Reasonable prices and delicious food equals a hit

Just off 118 Avenue and tucked behind Wee Book Inn is an unassuming café with white and grey interior walls serving Somali and Canadian dishes. Dervish Cafe is easy to overlook, but like we are told as children: don’t judge a book by its cover.

When my dinner partner and I walked into Dervish Cafe, the television displaying their menu was down, so a staff member began to tell us what they had. Before long, another customer chimed in with her preferences from the menu, which is always helpful when trying someplace new.

The fruit bowl had a variety of fruit and was topped with a mango sauce. | Stephen Strand

For drinks we ordered a Somali coffee ($1.25) and a Somali tea ($1.25). The tea had cinnamon, cardamom, ginger, and milk and tasted similar to a sweetened masala chai. The coffee contained the same spices and also had sugar, which made it a bit sweet but still appealing. It had a full flavour that seemed to coat the mouth and leave a pleasant aftertaste. Both the tea and the coffee make for a great after dinner treat.

Somali coffee (left) and Somali tea (right) are good ways to finish off your meal. | Stephen Strand

We tried two beef sambusas (Somali samosas) ($1.49) as appetizers. They were small triangular pastry pockets stuffed with beef, onion, and spices, fried until golden and crispy on the outside. Yet, the inner portion of the pastry was fluffy and moist. The beef was flavourfully seasoned without being overwhelming and drawing attention away from either the pastry or the green hot sauce served on the side.

Alongside the sambusas, we shared an order of fries ($3.25). They were exactly what you would expect from fries, nice and crispy.

Beef sambusas and fries are good appetizers. | Stephen Strand

The fruit bowl ($2.99) on the menu grabbed my companion’s attention. It consisted of strawberries, mangoes, oranges, and apples covered in a mango puree the colour of an egg yolk. The menu listed more of a variety of fruit than we received, but it was definitely not disappointing. The amount of fruit alone in the bowl was worth close to the amount they were charging, let alone the labour of cutting up the fruit. The mango puree was sweet and blended beautifully with each piece of fruit, adding to the flavour of each type of fruit without taking anything away.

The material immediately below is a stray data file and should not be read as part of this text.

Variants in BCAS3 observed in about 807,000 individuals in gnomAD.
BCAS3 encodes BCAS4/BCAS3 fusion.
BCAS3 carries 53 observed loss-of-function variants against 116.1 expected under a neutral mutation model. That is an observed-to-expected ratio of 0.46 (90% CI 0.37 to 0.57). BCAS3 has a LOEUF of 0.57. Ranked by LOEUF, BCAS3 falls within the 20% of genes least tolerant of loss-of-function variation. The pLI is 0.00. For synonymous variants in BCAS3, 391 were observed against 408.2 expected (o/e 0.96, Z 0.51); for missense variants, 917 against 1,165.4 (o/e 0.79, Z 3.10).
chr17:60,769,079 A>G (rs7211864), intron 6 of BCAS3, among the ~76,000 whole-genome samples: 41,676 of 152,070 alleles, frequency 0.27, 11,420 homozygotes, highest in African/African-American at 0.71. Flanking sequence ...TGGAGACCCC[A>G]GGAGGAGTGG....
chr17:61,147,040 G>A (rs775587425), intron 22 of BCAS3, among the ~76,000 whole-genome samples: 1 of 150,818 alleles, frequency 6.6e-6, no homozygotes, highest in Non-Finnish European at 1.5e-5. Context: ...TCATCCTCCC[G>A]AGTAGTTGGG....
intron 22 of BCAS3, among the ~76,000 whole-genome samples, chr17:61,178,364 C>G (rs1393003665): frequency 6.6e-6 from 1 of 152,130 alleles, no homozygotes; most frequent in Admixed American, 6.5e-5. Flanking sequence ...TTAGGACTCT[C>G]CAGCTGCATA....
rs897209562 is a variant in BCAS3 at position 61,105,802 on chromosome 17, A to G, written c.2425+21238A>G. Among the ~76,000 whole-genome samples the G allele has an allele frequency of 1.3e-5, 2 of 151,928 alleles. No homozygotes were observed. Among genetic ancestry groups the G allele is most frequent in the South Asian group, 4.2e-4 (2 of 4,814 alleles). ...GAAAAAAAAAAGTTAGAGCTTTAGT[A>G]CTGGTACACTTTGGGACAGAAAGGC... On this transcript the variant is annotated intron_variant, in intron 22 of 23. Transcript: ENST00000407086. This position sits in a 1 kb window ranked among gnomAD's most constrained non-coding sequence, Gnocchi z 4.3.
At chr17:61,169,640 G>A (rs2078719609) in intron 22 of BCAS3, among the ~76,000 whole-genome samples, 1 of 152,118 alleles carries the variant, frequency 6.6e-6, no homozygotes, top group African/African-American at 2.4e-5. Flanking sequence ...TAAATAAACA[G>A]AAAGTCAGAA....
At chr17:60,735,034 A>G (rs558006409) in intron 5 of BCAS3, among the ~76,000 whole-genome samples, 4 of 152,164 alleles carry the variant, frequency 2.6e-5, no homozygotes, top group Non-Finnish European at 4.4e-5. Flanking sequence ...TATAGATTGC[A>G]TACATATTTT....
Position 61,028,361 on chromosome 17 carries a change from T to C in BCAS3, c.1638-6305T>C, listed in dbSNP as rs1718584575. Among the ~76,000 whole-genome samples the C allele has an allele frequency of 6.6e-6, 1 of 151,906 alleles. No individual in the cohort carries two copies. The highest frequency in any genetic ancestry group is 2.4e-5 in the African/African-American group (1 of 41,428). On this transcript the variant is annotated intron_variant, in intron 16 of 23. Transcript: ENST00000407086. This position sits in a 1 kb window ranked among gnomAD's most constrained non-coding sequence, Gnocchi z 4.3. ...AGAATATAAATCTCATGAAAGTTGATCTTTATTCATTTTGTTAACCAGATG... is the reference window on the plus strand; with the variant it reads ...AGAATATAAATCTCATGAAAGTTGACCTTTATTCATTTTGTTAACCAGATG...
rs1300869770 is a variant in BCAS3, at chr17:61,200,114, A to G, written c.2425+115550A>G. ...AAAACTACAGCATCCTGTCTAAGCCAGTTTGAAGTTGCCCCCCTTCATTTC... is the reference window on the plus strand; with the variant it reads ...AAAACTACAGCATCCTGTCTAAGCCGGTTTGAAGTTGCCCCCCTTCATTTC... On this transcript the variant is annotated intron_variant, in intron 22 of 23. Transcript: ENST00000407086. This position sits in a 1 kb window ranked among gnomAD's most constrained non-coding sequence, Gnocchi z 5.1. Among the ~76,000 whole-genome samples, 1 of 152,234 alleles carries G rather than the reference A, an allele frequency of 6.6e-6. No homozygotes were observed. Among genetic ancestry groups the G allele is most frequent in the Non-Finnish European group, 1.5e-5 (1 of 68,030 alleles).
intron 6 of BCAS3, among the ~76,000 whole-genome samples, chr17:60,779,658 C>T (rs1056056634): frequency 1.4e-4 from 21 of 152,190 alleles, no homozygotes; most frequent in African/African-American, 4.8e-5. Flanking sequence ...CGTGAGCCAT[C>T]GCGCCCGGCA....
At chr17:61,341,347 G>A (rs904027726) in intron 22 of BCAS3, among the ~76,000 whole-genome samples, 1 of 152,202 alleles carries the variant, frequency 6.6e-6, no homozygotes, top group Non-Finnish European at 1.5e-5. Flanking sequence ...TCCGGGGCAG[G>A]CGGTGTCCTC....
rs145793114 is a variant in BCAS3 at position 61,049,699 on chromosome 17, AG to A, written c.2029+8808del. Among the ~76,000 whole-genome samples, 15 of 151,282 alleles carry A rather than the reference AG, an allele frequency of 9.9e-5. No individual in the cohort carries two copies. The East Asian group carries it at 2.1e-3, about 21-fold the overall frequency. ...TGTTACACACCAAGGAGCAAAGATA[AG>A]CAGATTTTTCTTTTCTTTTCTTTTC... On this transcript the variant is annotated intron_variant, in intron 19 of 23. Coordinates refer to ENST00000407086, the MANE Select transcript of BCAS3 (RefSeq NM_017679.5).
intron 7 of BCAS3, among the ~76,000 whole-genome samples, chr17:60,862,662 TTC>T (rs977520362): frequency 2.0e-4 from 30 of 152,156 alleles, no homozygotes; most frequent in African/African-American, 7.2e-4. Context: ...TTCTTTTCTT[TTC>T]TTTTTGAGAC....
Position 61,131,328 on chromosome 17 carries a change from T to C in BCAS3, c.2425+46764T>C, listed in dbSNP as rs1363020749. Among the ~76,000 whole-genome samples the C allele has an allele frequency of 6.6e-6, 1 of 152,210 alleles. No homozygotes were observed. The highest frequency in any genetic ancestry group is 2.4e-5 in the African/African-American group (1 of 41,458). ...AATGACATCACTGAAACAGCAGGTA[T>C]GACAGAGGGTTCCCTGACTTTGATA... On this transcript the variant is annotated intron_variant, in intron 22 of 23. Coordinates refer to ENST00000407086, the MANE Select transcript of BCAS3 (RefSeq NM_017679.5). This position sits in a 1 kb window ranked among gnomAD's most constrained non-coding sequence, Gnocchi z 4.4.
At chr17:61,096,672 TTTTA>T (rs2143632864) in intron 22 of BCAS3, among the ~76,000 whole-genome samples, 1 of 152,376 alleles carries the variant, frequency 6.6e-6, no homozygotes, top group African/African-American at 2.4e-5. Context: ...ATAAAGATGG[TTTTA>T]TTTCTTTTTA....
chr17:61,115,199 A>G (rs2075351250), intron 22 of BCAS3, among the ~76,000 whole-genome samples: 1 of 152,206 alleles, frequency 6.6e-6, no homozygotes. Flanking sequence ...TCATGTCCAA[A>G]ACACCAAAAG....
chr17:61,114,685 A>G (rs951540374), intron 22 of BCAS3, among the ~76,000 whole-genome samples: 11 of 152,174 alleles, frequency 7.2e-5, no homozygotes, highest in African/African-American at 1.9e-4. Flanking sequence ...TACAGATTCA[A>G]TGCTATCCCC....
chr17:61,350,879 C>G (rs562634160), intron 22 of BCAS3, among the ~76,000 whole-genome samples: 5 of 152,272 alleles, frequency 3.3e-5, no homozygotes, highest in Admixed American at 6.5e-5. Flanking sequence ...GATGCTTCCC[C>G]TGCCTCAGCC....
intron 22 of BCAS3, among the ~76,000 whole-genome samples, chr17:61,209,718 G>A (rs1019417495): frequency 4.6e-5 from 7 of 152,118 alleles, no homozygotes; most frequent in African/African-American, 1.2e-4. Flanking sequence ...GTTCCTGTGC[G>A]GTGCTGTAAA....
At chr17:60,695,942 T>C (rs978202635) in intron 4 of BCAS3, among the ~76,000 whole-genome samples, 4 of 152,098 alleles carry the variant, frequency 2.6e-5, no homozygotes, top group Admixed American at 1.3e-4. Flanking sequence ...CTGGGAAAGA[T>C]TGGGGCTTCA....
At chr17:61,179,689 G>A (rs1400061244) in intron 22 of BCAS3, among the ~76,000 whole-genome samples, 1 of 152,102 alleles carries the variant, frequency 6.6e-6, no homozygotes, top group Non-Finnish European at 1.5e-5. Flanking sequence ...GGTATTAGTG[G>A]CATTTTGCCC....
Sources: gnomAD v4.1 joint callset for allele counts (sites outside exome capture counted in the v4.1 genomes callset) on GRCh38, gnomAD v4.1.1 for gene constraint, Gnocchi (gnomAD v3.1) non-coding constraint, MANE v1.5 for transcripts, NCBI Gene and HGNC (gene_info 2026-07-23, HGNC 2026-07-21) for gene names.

Finally, we shared a chicken wrap ($7.99) filled with lettuce, cucumbers, onions, banana peppers, chicken, mayo, and Dervish sauce. The texture of the wrap reminded me of a thin green onion cake. Like the sambusa, the wrap was perfectly crisp on the outside and soft and moist on the inside. The filling was refreshing and tasty. After the first bite, I wished that I had not agreed to share.

I would go again, especially after hearing about the lamb dishes available on Fridays, Saturdays, and Sundays.

Rating: four-out-of-five forks


11748 81 St



Mon-Fri: 11 am – 11 pm

Sat-Sun: 1 pm – 11 pm

Featured Image: The chicken wrap had a delicious filling and the wrap itself was similar to an onion cake texture. | Stephen Strand